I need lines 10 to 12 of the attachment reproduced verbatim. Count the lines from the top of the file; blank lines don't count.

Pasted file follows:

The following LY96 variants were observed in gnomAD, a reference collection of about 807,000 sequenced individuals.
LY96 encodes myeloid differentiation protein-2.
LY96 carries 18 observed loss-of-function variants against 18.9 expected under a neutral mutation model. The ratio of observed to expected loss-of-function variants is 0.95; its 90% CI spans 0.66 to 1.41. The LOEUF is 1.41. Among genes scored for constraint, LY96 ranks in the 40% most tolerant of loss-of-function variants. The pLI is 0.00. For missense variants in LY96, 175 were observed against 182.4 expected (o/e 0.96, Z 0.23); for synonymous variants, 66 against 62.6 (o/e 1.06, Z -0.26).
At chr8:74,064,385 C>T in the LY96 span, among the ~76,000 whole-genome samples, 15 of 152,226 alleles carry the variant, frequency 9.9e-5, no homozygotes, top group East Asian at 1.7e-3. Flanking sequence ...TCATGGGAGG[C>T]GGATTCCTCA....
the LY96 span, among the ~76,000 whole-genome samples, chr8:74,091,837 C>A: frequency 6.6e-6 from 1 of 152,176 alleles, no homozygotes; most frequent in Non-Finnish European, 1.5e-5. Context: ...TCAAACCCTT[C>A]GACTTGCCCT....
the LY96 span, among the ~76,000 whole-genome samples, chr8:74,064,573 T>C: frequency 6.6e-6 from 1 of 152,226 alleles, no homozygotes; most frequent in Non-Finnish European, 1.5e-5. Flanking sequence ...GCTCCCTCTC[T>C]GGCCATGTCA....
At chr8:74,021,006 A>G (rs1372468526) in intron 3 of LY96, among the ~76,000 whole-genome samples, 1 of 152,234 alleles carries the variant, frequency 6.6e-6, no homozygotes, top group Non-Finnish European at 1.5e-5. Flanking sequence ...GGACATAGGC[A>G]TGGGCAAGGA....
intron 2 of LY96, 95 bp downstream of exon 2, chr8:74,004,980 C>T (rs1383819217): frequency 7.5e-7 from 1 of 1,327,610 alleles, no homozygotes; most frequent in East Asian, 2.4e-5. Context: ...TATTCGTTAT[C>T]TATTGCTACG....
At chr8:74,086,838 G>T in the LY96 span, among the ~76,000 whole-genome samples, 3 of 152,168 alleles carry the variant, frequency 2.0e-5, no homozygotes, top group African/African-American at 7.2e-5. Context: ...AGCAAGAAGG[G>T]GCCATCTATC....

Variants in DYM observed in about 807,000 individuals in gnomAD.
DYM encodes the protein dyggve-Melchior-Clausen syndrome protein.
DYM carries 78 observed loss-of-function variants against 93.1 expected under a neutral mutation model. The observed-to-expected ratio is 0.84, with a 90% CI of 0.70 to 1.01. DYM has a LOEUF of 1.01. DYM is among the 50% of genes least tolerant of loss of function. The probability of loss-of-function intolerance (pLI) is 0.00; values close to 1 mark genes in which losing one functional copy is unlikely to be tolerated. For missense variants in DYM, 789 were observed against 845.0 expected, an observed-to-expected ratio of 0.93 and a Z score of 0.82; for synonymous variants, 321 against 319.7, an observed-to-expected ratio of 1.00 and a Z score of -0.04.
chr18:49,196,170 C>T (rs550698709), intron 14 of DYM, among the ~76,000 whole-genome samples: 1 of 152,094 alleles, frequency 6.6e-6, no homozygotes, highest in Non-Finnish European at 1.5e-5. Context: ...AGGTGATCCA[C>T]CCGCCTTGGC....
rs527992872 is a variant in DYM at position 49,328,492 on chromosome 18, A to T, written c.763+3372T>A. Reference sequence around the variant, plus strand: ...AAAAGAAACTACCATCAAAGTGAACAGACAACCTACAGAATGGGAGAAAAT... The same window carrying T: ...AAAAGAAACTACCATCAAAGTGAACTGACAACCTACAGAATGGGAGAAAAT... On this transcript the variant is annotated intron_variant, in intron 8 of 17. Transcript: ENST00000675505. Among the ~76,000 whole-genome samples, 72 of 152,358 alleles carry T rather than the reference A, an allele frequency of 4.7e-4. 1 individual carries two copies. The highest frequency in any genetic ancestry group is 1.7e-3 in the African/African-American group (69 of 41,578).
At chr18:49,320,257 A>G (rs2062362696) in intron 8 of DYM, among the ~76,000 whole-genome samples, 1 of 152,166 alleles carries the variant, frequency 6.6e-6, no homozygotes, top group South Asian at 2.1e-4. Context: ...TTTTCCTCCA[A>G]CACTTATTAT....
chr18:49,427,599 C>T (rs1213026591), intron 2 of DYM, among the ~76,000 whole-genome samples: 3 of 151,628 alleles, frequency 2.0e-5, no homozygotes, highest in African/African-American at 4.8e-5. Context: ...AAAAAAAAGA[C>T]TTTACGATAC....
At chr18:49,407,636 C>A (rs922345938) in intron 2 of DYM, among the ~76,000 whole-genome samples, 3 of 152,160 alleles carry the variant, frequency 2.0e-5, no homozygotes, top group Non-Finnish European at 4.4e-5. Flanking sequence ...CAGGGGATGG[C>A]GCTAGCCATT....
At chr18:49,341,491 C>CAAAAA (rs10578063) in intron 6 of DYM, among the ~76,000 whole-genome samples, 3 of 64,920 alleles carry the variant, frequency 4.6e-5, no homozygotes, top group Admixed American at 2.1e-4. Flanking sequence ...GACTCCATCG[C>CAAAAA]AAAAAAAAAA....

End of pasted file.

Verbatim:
Variants in DYM observed in about 807,000 individuals in gnomAD.
DYM encodes the protein dyggve-Melchior-Clausen syndrome protein.
DYM carries 78 observed loss-of-function variants against 93.1 expected under a neutral mutation model. The observed-to-expected ratio is 0.84, with a 90% CI of 0.70 to 1.01. DYM has a LOEUF of 1.01. DYM is among the 50% of genes least tolerant of loss of function. The probability of loss-of-function intolerance (pLI) is 0.00; values close to 1 mark genes in which losing one functional copy is unlikely to be tolerated. For missense variants in DYM, 789 were observed against 845.0 expected, an observed-to-expected ratio of 0.93 and a Z score of 0.82; for synonymous variants, 321 against 319.7, an observed-to-expected ratio of 1.00 and a Z score of -0.04.